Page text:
The city of Chicago has created a new plan to expand city bike lanes for the year 2020. In 2016 they invested into creating 9.7 more miles of bike lanes and spent $6 million to fix up bike lanes (Lewis, 2016). The purpose of the project was to create a more sustainable way of transportation. Also, Rahm is trying to cater to the large population of bikers, especially tech people who are moving to city and love to ride their bikes (Lewis, 2016). According to the city’s website they created a survey in 2005 that showed the preferred way families traveled when it comes to bicycling and used the information to create the plan for biking 2020 plan. To ensure the safety of cyclist there is the Complete Streets Policy that include design and right-away programs, narrower traffic lanes, curb extensions and clear markings of bike lanes (City of Chicago).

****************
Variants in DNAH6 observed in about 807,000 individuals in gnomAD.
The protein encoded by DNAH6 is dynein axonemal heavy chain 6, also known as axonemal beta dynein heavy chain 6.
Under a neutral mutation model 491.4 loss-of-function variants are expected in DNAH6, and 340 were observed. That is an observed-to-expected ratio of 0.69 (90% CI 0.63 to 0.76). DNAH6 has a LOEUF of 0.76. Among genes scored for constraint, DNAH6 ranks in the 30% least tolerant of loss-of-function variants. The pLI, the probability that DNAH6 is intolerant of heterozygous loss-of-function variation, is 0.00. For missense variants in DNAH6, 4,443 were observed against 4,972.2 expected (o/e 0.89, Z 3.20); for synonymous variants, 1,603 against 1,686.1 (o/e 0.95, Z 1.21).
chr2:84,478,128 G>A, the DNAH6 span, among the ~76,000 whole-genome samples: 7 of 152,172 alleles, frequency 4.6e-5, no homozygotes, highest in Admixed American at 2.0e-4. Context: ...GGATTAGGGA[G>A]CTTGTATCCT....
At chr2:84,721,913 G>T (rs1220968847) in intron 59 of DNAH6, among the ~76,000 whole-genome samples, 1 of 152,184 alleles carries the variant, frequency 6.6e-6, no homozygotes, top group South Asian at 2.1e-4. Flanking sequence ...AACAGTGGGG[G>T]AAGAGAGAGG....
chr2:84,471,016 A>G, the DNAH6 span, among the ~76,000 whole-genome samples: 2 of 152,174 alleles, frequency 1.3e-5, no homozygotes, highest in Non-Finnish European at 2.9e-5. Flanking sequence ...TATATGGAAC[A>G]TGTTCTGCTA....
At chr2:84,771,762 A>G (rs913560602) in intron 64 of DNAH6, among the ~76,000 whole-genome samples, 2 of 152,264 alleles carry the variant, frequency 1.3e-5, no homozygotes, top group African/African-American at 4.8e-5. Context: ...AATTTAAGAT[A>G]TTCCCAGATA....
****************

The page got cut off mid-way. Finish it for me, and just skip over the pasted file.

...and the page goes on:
However, similar to other bike systems like LA are important and many cities want to increase bike paths, but the question is are they really changing anything and how efficient are there (Dearen, 2012). Since, they are reducing pollution in the air in the long run, but are cities really structuring correctly and implementing the programs in a way that makes sense to the cities structure. As discussed in class environmental policy, in this case bike lanes are heavily influenced by city policy and moreover urban planning and whether the city can handle the project. In the case of bike lanes in Chicago I feel it’s not really changing anything because we have a structured program street south are wider and therefore have more space, while the north side streets have less space and are less wide specially in areas, like Albany Park this I feel is creating a messy system. A system now only used correctly in certain areas of the city, but we need it to work everywhere.